Jorde, R., Schirmer, H., Njolstad, I., Loechen, M., Mathiesen, E. B, Kamycheva, E., Figenschau, Y. & Grimnes, G. (2013). Serum calcium and the calcium-sensing receptor polymorphism rs17251221 in relation to coronary heart disease, type 2 diabetes, cancer and mortality: the Tromsø Study. European Journal of Epidemiology,28(7), 569-578. Netherlands: Springer Netherlands. Retrieved from https://doi.org/10.1007/s10654-013-9822-y
Serum calcium measured in 27,158 subjects in 1994 and the calcium-sensing receptor polymorphism rs17251221 genotyped in 9,404 subjects were related to cardiovascular risk factors, incident myocardial infarction (MI), type 2 diabetes (T2DM), cancer and death during follow-up until 2008–2010. In a Cox regression model with adjustment for age, gender, smoking and body mass index, subjects with serum calcium 2.50–2.60 mmol/L had a significantly increased risk of incident MI [n = 1,802, hazards ratio (HR) 1.40, 95 % confidence interval (CI) 1.18, 1.66] and T2DM (n = 705, HR 1.49, 95 % CI 1.15, 1.94) and a significantly reduced risk of cancer (n = 2,222, HR 0.73, 95 % CI 0.62, 0.86) as compared to subjects with serum calcium 2.20–2.29 mmol/L. For rs17251221 there was a mean difference in serum calcium of 0.05 mmol/L between major and minor homozygote genotypes. No consistent, significant relation between rs17251221 and risk factors or the major hard endpoints were found. The minor homozygote genotype (high serum calcium) had a significant twofold increased risk (HR 2.32, 95 % CI 1.24, 4.36) for prostate cancer, as compared to the major homozygote. This may be clinically important if confirmed in other cohorts.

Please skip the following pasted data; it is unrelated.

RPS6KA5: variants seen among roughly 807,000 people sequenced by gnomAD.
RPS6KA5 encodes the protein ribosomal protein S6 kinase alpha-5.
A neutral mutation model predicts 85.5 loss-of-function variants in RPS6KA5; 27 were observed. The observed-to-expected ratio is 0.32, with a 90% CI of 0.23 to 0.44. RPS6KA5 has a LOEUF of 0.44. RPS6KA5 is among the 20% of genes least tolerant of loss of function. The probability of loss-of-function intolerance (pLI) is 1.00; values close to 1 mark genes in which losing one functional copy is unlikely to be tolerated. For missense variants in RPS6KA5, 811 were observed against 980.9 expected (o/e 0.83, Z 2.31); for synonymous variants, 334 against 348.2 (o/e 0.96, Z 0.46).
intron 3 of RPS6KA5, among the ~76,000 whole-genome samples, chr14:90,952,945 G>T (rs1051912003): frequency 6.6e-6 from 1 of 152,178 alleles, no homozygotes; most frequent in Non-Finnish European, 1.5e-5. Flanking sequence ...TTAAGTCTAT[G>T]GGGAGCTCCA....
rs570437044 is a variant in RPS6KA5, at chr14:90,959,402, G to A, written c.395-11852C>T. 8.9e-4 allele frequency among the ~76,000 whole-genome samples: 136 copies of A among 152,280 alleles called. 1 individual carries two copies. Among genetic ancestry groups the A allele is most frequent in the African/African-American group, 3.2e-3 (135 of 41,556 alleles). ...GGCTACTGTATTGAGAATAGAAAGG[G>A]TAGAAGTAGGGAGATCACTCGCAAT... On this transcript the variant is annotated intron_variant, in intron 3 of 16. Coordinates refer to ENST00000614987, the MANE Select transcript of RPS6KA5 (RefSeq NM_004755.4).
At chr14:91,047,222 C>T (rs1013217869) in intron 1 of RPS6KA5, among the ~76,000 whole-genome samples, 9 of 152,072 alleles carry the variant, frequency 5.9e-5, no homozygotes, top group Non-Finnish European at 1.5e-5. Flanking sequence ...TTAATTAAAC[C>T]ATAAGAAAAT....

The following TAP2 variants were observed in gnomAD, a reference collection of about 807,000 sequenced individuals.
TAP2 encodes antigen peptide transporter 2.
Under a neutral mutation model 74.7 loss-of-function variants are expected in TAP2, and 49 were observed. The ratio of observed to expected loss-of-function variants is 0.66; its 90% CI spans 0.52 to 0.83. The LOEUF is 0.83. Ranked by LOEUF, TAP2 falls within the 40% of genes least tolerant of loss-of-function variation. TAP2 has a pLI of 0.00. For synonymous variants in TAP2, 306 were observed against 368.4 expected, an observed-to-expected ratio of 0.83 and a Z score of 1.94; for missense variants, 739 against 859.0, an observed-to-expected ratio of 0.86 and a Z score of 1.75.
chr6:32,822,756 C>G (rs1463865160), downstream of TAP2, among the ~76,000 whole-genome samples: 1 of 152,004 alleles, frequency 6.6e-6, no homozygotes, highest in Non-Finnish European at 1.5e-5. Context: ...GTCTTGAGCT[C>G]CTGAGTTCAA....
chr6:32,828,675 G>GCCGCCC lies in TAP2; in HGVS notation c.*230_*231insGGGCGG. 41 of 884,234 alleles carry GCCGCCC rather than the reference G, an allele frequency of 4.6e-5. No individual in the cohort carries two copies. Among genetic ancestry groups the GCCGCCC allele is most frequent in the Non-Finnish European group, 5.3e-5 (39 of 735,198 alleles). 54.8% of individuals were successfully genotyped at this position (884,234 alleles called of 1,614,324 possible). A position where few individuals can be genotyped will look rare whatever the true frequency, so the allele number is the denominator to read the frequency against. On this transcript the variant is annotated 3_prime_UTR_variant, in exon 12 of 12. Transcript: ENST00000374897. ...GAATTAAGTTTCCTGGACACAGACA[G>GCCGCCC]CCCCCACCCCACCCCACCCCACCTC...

Mary MacKillop Institute for Health Research
Access may be restricted.